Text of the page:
Skip to main content


We do not have to look far to witness pain and suffering. Regardless of whether it is in another country, our own country, our community, or much closer to home it is difficult to bear witness.

Recently we woke to find our young Husky in extreme discomfort and whimpering. Our children were deeply concerned and externally reflected how I was feeling internally. Reassuring them we called the emergency vets.

The experience compounded by a number of events in NZ, and around the world at the time reminded me of just how hard it is to bear witness to another’s pain and suffering whether it is human or an animal.

How difficult is it to see people we care about hurting?!

How hard is it to hear of strangers in other countries perhaps far from our own in pain and suffering?!

We can be tempted to turn away, to look down and pretend we never saw it. The confronting nature of another’s pain an ‘all too real’ reminder of the fragility of our own lives.

Perhaps we believe that if we see it, we must also carry it.
In bearing witness we are not called to carry another’s pain, but to acknowledge and see it, to ‘see’ them, while supporting as they learn to better walk with it.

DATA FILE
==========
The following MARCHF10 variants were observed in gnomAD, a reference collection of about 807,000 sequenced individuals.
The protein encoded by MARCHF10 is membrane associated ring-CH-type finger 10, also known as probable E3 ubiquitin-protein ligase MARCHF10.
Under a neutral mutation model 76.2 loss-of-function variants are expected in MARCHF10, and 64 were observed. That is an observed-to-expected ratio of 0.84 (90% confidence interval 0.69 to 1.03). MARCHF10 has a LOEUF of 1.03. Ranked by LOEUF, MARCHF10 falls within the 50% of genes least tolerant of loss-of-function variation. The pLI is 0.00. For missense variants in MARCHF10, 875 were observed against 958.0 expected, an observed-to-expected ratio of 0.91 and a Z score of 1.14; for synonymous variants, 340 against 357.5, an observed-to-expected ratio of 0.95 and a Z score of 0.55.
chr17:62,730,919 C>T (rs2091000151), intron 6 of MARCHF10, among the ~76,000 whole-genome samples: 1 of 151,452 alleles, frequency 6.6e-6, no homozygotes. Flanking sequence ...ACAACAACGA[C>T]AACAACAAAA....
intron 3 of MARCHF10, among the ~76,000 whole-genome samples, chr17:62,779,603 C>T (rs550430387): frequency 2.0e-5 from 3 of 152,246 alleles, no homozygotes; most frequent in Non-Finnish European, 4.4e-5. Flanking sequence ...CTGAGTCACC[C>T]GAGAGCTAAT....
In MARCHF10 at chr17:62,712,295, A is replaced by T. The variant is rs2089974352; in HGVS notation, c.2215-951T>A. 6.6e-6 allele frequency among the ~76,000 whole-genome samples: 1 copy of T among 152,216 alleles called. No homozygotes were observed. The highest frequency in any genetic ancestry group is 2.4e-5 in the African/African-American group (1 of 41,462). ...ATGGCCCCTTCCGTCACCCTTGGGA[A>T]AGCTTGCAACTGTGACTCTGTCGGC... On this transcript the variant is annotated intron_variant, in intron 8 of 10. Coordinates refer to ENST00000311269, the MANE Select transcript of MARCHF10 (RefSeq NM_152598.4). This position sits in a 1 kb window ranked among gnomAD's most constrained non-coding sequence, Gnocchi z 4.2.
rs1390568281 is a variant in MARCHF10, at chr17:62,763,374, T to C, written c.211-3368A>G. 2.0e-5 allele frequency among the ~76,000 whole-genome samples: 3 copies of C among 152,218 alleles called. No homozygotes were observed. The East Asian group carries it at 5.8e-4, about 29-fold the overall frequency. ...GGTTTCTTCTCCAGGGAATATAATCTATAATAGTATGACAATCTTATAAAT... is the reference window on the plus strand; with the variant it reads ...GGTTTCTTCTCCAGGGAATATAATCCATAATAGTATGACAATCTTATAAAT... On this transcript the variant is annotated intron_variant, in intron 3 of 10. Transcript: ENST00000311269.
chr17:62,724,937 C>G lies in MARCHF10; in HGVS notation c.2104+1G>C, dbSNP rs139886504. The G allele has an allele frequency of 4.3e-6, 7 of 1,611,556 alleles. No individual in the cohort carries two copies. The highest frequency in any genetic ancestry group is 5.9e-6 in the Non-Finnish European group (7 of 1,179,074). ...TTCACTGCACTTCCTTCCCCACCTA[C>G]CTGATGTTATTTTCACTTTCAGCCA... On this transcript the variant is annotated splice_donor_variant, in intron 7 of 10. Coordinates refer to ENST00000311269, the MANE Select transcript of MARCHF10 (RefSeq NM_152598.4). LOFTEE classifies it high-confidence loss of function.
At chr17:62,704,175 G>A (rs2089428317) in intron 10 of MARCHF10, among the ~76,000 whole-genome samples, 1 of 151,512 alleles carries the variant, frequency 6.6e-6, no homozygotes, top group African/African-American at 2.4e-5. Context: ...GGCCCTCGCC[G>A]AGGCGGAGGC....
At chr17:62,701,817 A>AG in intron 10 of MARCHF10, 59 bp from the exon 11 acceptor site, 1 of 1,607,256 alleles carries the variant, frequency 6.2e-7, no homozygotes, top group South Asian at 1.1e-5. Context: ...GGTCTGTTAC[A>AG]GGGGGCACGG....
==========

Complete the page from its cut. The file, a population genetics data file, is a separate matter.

We cannot do this for them, no matter how much we might want to. Knowing this alleviates the pressure we may feel to ‘fix it’ enabling us to direct our focus towards how best to support. The ways we can make their journey a little gentler.

Bearing witness to the pain of another can feel overwhelming. Our hearts will hurt.

So why not turn away?

Each of us has likely experienced, or will experience times where we feel a little broken. It is part of our human experience. Amidst our pain we often feel isolated and alone which only serves to heighten our suffering. What many of us seek during this time is to feel ‘seen.’ For someone to see us in our hurt and not look away. To be reminded that we are not alone.

Those that can bear witness to our pain without turning away then stay to wrap around us are precious treasures. They remind us that we are far from alone. We are known, loved and seen.
They make the seemingly unbearable, a little more bearable.

They are golden.

How can we better show up for one another and be someone’s ‘golden?’